|Former Anglo European Airways Dragonfly impressed into wartime service at RAF Gosport|
|Manufacturer||de Havilland Aircraft Company|
|First flight||12 August 1935|
The de Havilland DH.90 Dragonfly is a 1930s British twin-engined luxury touring biplane built by the de Havilland Aircraft Company at Hatfield Aerodrome.
The Dragonfly shares a clear family resemblance with the Dragon Rapide, but is smaller and has higher aspect ratio, slightly sweptback wings. The lower wing has a shorter span than the upper, unlike the DH.89, and the top of the engine nacelles protrude much less above its surface because the fuel tank had been moved to the lower centre section. Structurally, too they are different: the Dragonfly had a new preformed plywood monocoque shell and strengthened fuselage. It was designed as a luxury touring aircraft for four passengers and a pilot, with provision for dual controls. The first aircraft, G-ADNA, first flew on 12 August 1935. The Dragonfly achieved maximum performance on low power, by using the new construction methods developed for the de Havilland Comet racer, and therefore was expensive to buy (£2,650). In modern terms, it was an executive transport, aimed at wealthy private individuals, often via the companies they owned.
The first delivery was made in May 1936. Some 36 new-build Dragonflies went to private and company owners, about 15 to airlines/air taxis and three to clubs. Two each went to the Danish and Swedish air forces, and the Royal Canadian Mounted Police had four to combat rum-runners. Production ended in 1938.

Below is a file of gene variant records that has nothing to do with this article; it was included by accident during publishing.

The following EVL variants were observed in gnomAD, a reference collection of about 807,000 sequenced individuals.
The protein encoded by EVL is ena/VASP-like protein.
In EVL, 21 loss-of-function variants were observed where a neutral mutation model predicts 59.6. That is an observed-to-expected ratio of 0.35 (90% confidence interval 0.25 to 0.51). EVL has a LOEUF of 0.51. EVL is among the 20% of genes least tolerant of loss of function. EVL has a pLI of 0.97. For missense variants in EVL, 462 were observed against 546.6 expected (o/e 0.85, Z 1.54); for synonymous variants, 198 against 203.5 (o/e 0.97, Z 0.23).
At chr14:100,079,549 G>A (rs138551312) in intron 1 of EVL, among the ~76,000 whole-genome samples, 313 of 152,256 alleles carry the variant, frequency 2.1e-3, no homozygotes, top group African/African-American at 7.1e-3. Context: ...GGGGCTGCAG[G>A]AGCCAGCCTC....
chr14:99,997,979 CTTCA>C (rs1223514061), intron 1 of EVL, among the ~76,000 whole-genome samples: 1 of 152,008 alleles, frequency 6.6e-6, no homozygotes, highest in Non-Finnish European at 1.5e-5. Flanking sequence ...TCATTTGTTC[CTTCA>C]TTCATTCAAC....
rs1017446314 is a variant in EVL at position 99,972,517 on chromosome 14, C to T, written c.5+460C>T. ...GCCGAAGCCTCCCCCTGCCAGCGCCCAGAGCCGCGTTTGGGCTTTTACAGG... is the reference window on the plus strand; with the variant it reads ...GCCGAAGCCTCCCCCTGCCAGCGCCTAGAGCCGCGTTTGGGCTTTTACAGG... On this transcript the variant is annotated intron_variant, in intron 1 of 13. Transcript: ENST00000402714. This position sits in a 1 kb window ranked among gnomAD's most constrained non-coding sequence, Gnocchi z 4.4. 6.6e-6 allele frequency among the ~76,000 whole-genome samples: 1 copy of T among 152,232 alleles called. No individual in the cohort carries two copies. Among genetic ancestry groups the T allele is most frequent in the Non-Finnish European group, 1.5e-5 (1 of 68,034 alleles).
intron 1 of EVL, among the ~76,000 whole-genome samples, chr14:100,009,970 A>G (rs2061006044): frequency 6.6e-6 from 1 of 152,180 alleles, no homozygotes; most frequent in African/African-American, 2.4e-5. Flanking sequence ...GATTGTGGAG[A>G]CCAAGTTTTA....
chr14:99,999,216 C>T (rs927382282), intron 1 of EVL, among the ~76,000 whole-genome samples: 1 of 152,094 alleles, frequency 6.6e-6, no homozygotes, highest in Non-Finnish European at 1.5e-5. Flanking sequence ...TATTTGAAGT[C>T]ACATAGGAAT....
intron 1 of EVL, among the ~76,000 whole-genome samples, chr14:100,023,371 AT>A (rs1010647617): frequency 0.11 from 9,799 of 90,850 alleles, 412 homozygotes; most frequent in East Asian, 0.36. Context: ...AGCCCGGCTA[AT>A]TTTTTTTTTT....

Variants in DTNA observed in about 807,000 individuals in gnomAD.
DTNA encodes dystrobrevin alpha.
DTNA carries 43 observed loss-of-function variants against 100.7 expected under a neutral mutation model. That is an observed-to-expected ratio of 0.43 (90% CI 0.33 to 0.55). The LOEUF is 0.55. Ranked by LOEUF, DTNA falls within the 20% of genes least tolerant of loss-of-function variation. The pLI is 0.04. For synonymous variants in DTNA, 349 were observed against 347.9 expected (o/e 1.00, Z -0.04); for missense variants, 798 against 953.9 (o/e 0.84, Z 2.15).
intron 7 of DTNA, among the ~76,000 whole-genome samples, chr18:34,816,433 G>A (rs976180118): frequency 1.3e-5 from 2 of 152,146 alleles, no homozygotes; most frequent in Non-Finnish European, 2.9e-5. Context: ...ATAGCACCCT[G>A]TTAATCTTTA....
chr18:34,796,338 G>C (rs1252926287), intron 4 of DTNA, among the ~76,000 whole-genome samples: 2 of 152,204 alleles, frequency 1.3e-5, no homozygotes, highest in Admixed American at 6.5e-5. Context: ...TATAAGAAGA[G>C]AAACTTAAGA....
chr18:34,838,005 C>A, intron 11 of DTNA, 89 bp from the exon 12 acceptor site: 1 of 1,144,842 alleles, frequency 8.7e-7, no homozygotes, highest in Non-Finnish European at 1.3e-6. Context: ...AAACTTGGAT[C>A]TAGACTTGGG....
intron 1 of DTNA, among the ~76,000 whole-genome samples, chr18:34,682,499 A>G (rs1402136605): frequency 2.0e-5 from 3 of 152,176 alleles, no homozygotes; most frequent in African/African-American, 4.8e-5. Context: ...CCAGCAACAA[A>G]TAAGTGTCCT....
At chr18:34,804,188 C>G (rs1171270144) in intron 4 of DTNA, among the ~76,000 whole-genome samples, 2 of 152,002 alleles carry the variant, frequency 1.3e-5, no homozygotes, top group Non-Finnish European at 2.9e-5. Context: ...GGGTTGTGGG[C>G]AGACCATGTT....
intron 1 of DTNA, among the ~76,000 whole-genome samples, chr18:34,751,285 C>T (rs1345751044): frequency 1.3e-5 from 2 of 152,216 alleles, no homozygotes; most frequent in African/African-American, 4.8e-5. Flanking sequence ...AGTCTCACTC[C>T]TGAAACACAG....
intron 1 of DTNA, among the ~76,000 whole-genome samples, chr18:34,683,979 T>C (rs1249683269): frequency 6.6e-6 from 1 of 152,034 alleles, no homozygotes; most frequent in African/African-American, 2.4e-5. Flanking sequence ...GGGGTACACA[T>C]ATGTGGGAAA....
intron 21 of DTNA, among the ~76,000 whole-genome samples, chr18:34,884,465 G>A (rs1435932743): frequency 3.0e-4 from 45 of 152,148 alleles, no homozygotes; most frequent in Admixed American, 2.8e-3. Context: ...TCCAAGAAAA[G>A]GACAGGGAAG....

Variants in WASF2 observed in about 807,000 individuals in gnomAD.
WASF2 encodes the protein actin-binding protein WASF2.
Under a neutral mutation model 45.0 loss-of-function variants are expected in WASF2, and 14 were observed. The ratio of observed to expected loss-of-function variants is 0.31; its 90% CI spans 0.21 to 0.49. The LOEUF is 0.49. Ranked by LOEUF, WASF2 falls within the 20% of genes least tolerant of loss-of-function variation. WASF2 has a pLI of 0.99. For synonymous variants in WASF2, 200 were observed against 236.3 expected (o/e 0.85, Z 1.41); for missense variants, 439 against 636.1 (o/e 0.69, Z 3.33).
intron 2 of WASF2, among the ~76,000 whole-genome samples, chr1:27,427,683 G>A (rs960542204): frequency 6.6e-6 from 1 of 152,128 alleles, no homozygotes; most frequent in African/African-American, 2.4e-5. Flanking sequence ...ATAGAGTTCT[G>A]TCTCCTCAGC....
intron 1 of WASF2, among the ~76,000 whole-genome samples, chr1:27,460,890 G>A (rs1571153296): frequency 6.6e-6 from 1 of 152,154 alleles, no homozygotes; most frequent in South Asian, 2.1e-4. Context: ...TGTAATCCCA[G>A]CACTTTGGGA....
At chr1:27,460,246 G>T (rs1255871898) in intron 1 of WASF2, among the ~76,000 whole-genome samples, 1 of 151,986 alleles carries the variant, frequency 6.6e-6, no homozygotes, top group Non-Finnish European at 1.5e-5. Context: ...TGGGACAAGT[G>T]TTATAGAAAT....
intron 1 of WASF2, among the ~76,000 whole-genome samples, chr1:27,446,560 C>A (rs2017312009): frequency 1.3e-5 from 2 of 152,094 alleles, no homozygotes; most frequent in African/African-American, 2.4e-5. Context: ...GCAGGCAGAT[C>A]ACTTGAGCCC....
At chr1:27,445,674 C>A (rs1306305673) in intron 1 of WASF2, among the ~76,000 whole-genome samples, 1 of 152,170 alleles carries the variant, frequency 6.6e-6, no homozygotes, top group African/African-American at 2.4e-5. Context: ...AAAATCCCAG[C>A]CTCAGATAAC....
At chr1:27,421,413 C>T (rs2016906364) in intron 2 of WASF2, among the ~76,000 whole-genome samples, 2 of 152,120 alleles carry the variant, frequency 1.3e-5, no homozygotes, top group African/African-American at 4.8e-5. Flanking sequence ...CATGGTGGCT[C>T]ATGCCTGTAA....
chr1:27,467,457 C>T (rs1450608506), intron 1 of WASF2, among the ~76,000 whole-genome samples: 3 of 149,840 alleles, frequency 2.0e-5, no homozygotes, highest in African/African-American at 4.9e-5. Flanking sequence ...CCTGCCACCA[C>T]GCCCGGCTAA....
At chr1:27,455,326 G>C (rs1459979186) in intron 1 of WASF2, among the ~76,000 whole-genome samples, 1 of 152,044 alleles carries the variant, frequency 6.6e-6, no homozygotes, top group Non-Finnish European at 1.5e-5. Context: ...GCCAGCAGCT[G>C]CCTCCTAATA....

By 1939, several aircraft had moved from private to commercial use, like the fleet built up by Air Dispatch Ltd at Croydon Airport, headed by The Hon Mrs Victor Bruce. Amongst her seven examples were also some ex-airline machines. They were used as air taxis between the various London airports, and also as Army Cooperation night flying trainers. Western Airways of Weston-super-Mare Airport used its Dragonfly on a scheduled service via Birmingham to Manchester.
Seven airframes were shipped to Canada, and erected by de Havilland Canada, where they served a variety of small commercial operators, the R.C.M.P. and two with the R.C.A.F. At least one, CF-BFF, was fitted with Edo floats, and used commercially.
In about 1937, three Dragonflies were bought by the Romanian government for crew training, appearing on their civil register.
At the start of World War II, about 23 Dragonflies were impressed into the R.A.F and Commonwealth air forces, some six surviving to 1945. Overall, there were about thirteen flying in that year.
Silver City Airways operated a Dragonfly G-AEWZ as an executive transport from 1950 until 1960. By around 1970, only the two survivors noted below were active. In May 2018 Hertfordshire-based Uno bus named a fleet of buses after the Dragonfly plane.
The fuel tanks in the Dragonfly are in the thickened lower centre-section, not immediately behind the engines as in the Dragon Rapide. As a result, only one aircraft was lost to fire. A common cause of loss was the frequent development of a vicious ground loop either on takeoff or landing, resulting in undercarriage writeoff and spar damage.
Two flyable aircraft survive:
Data from British Civil Aircraft since 1919, Volume 2